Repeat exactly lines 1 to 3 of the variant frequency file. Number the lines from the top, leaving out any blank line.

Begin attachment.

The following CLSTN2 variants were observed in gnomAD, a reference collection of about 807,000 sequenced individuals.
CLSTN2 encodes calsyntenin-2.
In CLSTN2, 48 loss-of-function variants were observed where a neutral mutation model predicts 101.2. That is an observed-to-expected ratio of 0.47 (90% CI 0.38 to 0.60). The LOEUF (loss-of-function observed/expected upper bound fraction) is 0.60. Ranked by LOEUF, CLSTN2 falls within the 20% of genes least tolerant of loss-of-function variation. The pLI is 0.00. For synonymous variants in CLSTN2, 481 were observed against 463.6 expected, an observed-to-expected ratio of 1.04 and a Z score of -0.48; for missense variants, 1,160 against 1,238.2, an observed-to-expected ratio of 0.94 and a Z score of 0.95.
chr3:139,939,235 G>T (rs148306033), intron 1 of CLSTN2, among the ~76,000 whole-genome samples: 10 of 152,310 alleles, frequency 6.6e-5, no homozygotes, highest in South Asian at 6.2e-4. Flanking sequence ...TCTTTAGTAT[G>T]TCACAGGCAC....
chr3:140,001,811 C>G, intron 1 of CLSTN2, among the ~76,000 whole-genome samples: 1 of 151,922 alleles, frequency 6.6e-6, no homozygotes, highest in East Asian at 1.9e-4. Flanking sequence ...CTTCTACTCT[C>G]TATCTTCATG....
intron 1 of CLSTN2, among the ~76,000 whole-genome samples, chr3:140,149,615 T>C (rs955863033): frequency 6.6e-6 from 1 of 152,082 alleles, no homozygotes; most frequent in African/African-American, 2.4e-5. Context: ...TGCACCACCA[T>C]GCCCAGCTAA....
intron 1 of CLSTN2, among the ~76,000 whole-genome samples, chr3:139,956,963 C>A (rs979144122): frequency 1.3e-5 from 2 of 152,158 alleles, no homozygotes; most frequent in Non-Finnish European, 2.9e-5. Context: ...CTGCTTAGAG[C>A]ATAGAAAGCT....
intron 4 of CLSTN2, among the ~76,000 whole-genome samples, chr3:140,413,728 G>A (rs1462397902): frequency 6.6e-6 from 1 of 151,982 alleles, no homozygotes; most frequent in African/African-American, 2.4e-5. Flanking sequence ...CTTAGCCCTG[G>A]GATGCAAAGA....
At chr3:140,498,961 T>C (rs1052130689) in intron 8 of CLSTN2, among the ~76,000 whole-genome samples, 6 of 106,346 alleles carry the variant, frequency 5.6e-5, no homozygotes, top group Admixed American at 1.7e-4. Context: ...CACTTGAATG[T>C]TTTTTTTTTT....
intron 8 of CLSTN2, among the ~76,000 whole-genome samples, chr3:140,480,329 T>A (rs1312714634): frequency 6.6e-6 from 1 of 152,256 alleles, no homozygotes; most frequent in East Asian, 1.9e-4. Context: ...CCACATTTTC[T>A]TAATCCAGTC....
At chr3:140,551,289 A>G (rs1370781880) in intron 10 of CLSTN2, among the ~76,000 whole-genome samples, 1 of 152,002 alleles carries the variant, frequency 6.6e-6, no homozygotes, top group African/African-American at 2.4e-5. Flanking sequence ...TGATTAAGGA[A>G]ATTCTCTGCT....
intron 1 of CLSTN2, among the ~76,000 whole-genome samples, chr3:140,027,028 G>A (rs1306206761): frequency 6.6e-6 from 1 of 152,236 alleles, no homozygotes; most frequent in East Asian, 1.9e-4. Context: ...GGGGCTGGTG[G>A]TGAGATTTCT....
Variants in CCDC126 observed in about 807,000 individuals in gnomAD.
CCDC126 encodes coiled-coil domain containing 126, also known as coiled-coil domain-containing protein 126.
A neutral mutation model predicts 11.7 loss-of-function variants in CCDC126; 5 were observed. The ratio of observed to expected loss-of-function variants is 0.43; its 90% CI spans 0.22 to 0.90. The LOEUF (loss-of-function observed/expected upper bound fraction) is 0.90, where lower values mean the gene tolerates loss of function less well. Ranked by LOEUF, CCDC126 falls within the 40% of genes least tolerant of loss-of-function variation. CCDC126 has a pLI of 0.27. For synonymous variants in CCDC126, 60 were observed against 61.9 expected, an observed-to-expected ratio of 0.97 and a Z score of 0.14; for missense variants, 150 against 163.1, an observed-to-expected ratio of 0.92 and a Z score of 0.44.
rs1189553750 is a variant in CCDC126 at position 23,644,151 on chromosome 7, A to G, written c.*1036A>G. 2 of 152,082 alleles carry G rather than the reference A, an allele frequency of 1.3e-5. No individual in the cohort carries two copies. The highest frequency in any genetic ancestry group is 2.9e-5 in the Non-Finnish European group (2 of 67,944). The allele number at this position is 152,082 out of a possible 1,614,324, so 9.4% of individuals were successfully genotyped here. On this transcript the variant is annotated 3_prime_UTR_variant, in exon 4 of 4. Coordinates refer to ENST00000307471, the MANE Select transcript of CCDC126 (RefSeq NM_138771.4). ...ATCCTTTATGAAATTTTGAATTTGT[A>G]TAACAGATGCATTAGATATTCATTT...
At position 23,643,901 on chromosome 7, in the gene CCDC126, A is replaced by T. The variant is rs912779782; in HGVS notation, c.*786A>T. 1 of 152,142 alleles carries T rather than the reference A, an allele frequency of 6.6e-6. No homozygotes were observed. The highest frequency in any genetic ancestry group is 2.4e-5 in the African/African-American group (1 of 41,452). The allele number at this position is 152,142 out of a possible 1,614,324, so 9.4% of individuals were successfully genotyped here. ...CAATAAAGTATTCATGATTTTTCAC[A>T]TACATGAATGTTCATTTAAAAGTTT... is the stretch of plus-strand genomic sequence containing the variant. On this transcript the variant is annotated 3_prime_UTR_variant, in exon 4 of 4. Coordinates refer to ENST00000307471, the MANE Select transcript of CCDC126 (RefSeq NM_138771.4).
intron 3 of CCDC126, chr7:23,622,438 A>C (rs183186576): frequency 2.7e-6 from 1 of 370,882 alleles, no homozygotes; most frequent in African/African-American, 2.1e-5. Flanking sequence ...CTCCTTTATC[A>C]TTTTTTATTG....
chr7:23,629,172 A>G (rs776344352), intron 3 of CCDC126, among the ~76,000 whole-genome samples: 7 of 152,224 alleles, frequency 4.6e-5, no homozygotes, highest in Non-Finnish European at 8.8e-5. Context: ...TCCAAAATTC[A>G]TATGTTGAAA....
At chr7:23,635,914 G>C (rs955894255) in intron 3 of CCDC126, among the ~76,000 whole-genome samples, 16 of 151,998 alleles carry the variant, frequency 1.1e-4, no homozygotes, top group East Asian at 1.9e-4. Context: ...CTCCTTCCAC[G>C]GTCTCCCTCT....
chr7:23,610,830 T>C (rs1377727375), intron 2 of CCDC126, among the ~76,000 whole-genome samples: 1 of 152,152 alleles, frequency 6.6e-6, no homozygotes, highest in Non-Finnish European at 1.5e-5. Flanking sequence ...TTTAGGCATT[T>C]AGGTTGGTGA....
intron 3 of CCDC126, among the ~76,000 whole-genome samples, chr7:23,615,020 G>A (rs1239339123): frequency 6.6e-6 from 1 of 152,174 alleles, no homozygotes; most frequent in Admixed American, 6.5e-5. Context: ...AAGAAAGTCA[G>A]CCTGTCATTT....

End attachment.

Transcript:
The following CLSTN2 variants were observed in gnomAD, a reference collection of about 807,000 sequenced individuals.
CLSTN2 encodes calsyntenin-2.
In CLSTN2, 48 loss-of-function variants were observed where a neutral mutation model predicts 101.2. That is an observed-to-expected ratio of 0.47 (90% CI 0.38 to 0.60). The LOEUF (loss-of-function observed/expected upper bound fraction) is 0.60. Ranked by LOEUF, CLSTN2 falls within the 20% of genes least tolerant of loss-of-function variation. The pLI is 0.00. For synonymous variants in CLSTN2, 481 were observed against 463.6 expected, an observed-to-expected ratio of 1.04 and a Z score of -0.48; for missense variants, 1,160 against 1,238.2, an observed-to-expected ratio of 0.94 and a Z score of 0.95.